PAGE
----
and take the right value from the hash (%list) :Use of uninitialized
    value in print at D:\system\perl\os-rec\os-rec5_.pl line 24
    ,<HANDLE>  line 3.
    Any idea ?
    if("$line" =~ "TTL=")
    {
    $line =~ s/.*TTL=//;
    print "TTL = $line\n";
    print $list{"$line"} ;
    # print "Machine $machine_IP is $list{$line}" ;
    last;                                   }
    Assuming a specific line is made of nothing but TTL=, then $line =~
    s/.*TTL=//; will erase the line, leaving you with an empty
    (uninitialized) $line variable.
    No it won't, it will leave $line containing a null (zero-length) string.
    There is no way to change a string value to uninitialized (undef) by
    deleting characters from it.

    - Rob
    ok. So why on print "TTL = $line\n"; I do get TTL = 125, if it's
    undefined ?
    Thanks, Rob, for your answer.....
  • Eyal B. at Jan 24, 2011 at 8:29 am
    On Jan 21, 11:42 pm, ewinst...@gmail.com ("Eyal B.") wrote:
    On Jan 21, 4:30 pm, rob.di...@gmx.com (Rob Dixon) wrote:


    On 21/01/2011 05:50, Erez Schatz wrote:

    On 20 January 2011 15:38, Eyal B.wrote:
    I'm getting an error on the line where I should use the TTL variable -
    and take the right value from the hash (%list) :Use of uninitialized
    value in print at D:\system\perl\os-rec\os-rec5_.pl line 24
    ,<HANDLE>  line 3.
    Any idea ?
    if("$line" =~ "TTL=")
    {
    $line =~ s/.*TTL=//;
    print "TTL = $line\n";
    print $list{"$line"} ;
    # print "Machine $machine_IP is $list{$line}" ;
    last;                                   }
    I found the issue, and resolve it
    This regex clean unnecessary, extra digits: $line =~/.*TTL=\s*(\S+)\s*$/;
    Assuming a specific line is made of nothing but TTL=, then $line =~
    s/.*TTL=//; will erase the line, leaving you with an empty
    (uninitialized) $line variable.
    No it won't, it will leave $line containing a null (zero-length) string.
    There is no way to change a string value to uninitialized (undef) by
    deleting characters from it.
    - Rob
    ok. So why on print "TTL = $line\n"; I do get TTL = 125, if it's
    undefined ?
    Thanks, Rob, for your answer.....
  • Eyal B. at Jan 22, 2011 at 6:32 pm
    If so, how print "TTL = $line\n" does give me the right value ! (I
    get TTL = 125 if ping to Windows machine.

    Thanks, for your answers.
    On Jan 21, 4:30 pm, rob.di...@gmx.com (Rob Dixon) wrote:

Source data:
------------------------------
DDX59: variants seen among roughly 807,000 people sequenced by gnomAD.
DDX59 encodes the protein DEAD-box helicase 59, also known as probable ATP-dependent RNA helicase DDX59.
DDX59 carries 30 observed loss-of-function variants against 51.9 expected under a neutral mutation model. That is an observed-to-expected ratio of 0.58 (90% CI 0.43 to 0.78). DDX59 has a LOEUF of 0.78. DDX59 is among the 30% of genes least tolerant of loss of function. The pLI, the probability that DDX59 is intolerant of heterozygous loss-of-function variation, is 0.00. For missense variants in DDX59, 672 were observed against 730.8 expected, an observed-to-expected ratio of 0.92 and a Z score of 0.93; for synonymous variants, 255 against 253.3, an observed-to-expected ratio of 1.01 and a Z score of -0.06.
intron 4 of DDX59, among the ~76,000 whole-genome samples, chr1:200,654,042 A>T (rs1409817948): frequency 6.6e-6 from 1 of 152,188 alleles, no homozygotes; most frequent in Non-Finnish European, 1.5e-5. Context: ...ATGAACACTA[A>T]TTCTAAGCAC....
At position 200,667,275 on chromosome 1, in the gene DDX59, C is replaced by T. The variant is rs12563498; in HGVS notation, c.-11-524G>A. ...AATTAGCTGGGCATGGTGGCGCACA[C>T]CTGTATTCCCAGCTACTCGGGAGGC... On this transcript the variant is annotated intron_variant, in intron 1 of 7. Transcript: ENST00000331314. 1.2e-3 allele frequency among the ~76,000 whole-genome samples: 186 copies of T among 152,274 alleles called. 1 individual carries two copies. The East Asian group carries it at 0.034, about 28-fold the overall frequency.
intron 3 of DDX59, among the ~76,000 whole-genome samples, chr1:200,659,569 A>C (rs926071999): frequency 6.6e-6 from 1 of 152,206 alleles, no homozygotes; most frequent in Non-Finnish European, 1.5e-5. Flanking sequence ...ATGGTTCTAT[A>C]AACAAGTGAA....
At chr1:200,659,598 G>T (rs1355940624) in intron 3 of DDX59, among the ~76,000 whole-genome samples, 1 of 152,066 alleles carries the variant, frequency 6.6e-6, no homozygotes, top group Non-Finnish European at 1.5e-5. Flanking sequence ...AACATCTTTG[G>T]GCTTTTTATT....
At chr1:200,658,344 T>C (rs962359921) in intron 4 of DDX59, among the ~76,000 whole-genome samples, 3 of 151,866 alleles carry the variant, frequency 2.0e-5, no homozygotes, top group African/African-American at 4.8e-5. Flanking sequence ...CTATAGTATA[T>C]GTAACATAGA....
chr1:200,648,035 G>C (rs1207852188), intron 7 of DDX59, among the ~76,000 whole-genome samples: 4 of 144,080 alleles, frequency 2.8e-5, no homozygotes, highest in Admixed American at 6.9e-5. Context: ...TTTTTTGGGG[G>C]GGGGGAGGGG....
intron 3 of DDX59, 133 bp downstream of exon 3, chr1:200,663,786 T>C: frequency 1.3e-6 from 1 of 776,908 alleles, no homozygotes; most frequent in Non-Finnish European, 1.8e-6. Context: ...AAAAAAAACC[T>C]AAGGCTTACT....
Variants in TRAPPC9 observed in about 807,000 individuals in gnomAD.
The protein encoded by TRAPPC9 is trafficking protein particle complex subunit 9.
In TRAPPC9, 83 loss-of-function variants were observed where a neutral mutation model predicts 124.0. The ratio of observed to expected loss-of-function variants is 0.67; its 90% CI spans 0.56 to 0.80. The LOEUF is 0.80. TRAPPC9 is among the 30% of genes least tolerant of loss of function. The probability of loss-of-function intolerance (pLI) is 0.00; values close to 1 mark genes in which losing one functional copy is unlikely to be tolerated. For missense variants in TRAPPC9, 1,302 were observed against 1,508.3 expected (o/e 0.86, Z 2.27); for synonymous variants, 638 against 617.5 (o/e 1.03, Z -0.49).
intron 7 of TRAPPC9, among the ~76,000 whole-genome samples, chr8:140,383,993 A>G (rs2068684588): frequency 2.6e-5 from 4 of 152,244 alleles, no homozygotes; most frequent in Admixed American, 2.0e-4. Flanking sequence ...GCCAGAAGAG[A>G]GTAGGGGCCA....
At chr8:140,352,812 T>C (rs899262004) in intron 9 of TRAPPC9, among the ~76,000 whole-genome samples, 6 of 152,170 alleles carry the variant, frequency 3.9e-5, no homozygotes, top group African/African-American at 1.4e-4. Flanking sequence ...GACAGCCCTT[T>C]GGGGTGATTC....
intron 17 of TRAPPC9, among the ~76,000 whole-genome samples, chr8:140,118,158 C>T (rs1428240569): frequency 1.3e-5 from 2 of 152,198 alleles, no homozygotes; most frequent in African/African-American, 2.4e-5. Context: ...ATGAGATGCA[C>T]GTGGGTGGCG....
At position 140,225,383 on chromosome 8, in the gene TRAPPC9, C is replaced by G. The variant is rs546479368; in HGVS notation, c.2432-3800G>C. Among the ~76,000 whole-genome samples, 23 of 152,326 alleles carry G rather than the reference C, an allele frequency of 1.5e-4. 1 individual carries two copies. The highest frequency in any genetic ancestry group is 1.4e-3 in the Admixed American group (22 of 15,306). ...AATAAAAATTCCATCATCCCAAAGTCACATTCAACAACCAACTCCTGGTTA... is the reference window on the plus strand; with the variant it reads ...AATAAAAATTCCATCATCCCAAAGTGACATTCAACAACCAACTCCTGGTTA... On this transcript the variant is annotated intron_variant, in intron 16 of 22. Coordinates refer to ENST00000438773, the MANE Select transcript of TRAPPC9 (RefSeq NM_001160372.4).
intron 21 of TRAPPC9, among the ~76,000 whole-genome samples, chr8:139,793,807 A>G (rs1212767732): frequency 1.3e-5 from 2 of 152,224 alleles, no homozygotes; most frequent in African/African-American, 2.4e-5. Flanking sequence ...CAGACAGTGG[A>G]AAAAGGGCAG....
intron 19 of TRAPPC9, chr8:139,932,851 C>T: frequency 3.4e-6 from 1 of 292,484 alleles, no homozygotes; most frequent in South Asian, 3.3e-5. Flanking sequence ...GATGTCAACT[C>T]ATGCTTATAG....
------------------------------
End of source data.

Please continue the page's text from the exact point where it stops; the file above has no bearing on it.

On 21/01/2011 05:50, Erez Schatz wrote:


    On 20 January 2011 15:38, Eyal B.wrote:
    I'm getting an error on the line where I should use the TTL variable -
    and take the right value from the hash (%list) :Use of uninitialized
    value in print at D:\system\perl\os-rec\os-rec5_.pl line 24
    ,<HANDLE>  line 3.
    Any idea ?
    if("$line" =~ "TTL=")
    {
    $line =~ s/.*TTL=//;
    print "TTL = $line\n";
    print $list{"$line"} ;
    # print "Machine $machine_IP is $list{$line}" ;
    last;                                   }
    Assuming a specific line is made of nothing but TTL=, then $line =~
    s/.*TTL=//; will erase the line, leaving you with an empty
    (uninitialized) $line variable.
    No it won't, it will leave $line containing a null (zero-length) string.
    There is no way to change a string value to uninitialized (undef) by
    deleting characters from it.

    - Rob
  • אייל ב. at Jan 22, 2011 at 6:46 pm
    Guys
    You claim : s/.*TTL=//; will erase the line, leaving with an empty
    (uninitialized) $line variable.
    I want to ask :
    If so, how print "TTL = $line\n" does give me the right value !
    If it will leave $line containing a null (zero-length or undef) string
    - how can I print it ?
    (I get TTL = 125 if ping to Windows machine)


    2011/1/21 Abuse Desk <abuse@perl.org>:
    On Jan 21, 2011, at 2:53, אייל ב. wrote:

    Google Groups might not be sending us the mail -- try posting directly to the list by emailing beginners@perl.org.

    - ask
    Hi
    I'm sending a reply using the : http://groups.google.com/group/perl.beginners/browse_thread/thread/45594cc9ea0ae4b5/0e6e248cab1d1e62#0e6e248cab1d1e62

    Reply with my questions to the answers I got.
    But nothing is published.


    Thanks

Related Discussions

Discussion Navigation
viewthread | post
Discussion Overview
groupbeginners @
categoriesperl
postedJan 20, '11 at 1:38p
activeJan 24, '11 at 9:05a
posts12
users4
websiteperl.org

People

Translate

site design / logo © 2022 Grokbase